That is the most explicit statement of Coalition Brain that I’ve heard, but I think it’s a widespread syndrome across causes and institutions. Everyone is supposed to mind their own business and support the team, not directly fire at anyone else. And of course it’s true that politics is fundamentally a team sport and a game of coalitions. But I think two problems arise when Coalition Brain gets too severe. One that I’ve talked about a lot is that while you avoid nasty fights about prioritization, you also wind up not actually setting priorities. To set priorities, different groups need to be able to criticize other groups’ ideas and say that the other group’s proposal is actually not very well-designed, addresses an unimportant topic, or for some other reason is a less-worthy use of a limited budget. But the other is probably that the journalists and elected officials who depend on the groups to develop policies can end up with an exaggerated sense of the policies’ merits.
Yeah. The article goes on to talk more about the lack of substantive debating happening in politics. This comment is also really important about how social status and networks matter and tend to exclude young people:
I often struggle to know where to point a younger journalist seeking reliable sources of information. If you’re old like me, sometimes people you’ve known for a long time will tell you things quietly. But when I was in my early-to-mid 20s, I really relied on policy groups having overt arguments with each other in order to learn about the issues.
In other words, you need to have long-term friends in the industry to get people to stop lying to you or refusing to speak. There’s a lot of stuff people will only say as gossip, not openly.
This is absolutely my favorite Yglesias article that I’ve read, despite it also saying:
The biggest failure of his [Obama’s] administration, by far, is that they left the economy under-stimulated.
That is a Keynesian view that I strongly disagree with and consider extremely harmful.
5 posts were split to a new topic: Labor Unions
My coworker was making about 85K. Got an offer from another company for 120K. She told our company she’d stay if they would match it given she knows she’s being underpaid but enjoys her role. She’s also brilliant with years of experience. No dice. She walked, and a month later word got around that they hired her replacement for 130K. I don’t understand leadership’s logic. It’s like they would rather have to onboard and train a rookie while paying them what they could have paid to keep top talent than have to treat their employees with respect.
and other similar stories in the comments and linked article, and a comment that companies do it because many people threaten to quit but don’t and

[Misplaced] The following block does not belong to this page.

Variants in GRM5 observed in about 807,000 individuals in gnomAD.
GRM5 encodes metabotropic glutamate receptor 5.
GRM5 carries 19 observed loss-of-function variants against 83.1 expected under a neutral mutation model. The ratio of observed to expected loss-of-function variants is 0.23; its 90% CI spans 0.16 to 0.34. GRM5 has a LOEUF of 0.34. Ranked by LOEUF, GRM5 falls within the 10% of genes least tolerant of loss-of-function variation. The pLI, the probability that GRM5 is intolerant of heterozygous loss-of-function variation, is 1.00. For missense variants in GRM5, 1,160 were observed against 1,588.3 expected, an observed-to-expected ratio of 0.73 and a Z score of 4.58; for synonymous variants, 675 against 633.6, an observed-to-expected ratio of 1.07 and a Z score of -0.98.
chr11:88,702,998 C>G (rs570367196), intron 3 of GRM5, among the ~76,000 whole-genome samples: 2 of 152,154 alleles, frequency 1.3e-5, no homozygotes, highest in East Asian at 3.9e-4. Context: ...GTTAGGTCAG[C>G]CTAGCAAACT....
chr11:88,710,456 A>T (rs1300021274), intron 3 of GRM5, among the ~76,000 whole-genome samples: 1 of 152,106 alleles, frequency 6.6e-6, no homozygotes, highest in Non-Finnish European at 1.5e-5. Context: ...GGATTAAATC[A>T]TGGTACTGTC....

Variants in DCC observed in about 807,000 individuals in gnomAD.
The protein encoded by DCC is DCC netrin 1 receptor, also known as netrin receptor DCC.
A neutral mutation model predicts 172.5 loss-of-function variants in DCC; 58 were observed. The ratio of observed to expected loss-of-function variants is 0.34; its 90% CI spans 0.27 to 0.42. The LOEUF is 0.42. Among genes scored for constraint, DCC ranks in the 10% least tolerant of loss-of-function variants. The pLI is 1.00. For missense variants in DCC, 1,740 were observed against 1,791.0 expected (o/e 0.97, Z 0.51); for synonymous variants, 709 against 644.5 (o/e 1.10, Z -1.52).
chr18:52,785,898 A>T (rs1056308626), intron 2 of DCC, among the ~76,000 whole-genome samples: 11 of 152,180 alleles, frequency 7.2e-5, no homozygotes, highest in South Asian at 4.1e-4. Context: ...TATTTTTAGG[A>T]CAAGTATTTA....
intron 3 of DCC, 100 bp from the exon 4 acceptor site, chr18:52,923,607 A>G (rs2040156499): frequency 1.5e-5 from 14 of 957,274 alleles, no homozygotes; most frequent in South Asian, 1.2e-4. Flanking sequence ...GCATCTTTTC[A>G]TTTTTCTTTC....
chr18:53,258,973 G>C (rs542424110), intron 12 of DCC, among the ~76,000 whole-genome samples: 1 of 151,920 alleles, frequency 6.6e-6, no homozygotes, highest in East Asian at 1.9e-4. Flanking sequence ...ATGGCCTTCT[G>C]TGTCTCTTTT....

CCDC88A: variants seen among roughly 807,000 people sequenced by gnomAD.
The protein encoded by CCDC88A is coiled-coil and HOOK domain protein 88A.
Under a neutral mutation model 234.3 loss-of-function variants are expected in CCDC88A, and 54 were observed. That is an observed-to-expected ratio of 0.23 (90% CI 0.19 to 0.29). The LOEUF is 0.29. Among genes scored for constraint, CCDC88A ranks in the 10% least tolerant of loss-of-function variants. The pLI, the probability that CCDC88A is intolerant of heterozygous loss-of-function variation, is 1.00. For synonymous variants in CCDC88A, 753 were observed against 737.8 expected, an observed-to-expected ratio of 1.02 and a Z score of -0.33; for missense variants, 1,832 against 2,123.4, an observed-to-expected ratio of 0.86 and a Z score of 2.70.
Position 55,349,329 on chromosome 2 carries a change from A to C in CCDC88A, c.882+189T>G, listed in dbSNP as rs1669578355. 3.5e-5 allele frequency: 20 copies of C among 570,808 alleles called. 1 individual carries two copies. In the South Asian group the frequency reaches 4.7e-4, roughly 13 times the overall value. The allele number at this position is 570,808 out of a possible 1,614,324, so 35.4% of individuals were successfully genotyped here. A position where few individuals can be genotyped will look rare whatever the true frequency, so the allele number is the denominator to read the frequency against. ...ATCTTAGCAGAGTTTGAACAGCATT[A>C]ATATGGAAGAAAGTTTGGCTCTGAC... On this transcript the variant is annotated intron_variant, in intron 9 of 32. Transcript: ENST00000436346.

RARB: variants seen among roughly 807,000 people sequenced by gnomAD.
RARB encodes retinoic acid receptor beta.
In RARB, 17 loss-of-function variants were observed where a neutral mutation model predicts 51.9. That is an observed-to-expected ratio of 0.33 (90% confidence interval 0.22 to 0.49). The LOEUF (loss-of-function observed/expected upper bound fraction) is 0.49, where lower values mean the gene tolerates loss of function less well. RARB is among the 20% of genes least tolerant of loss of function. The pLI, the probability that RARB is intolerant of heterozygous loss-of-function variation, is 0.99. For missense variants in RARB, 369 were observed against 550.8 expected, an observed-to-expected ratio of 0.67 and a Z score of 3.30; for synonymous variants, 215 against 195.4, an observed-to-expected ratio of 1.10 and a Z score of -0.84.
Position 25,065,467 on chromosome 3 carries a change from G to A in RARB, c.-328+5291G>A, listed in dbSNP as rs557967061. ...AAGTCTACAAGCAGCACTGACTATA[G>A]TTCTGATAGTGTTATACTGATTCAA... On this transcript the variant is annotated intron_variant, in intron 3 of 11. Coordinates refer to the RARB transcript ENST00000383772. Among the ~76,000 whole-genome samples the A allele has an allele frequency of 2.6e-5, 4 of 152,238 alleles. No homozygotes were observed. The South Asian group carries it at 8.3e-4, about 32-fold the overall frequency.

I’m convinced that high end tech companies make the interview process as annoying as possible because it adds friction to people from moving and making more money. I’ve tried to convince hiring managers that 7 hours of interviews is not necessary and using historical interview data shows that success rate of candidates does not change at all based on number of interviews and how many weird unrelated to the job puzzles are given and was basically told the data didn’t matter.
I posted a comment
I agree that people with high rank/privilege are a problem. I’m guessing you’d agree that many people outside the state/govt are also privileged elites who can get favors from politicians and other elites. This includes most mega-rich people and executives of big corporations.
But I dislike the concept of class war. I agree with the (classical) liberal theory of the harmony of men’s interests (if they are rational and take into account the medium term not just the very short term) advocated by both Rand and Mises. I don’t want to fight with people or split society into warring classes/tribes (I know it already partly is that way, but I’m against that).
Here are two Mises quotes that explain which I really like: https://curi.us/2341-mises-on-harmony-of-interests
I see the elites broadly as foolish and ignorant people, who don’t actually have very good/happy lives, who (for their own benefit) need education with better ideas about their own interests (as well as about economics, politics, philosophy, etc.) There’s malice and dishonesty mixed in too, not just good intentions, but a lot of that would go away if they had and understood better options. Individually, each elite person is about as trapped as anyone else with no significant control over society and its major, flawed systems.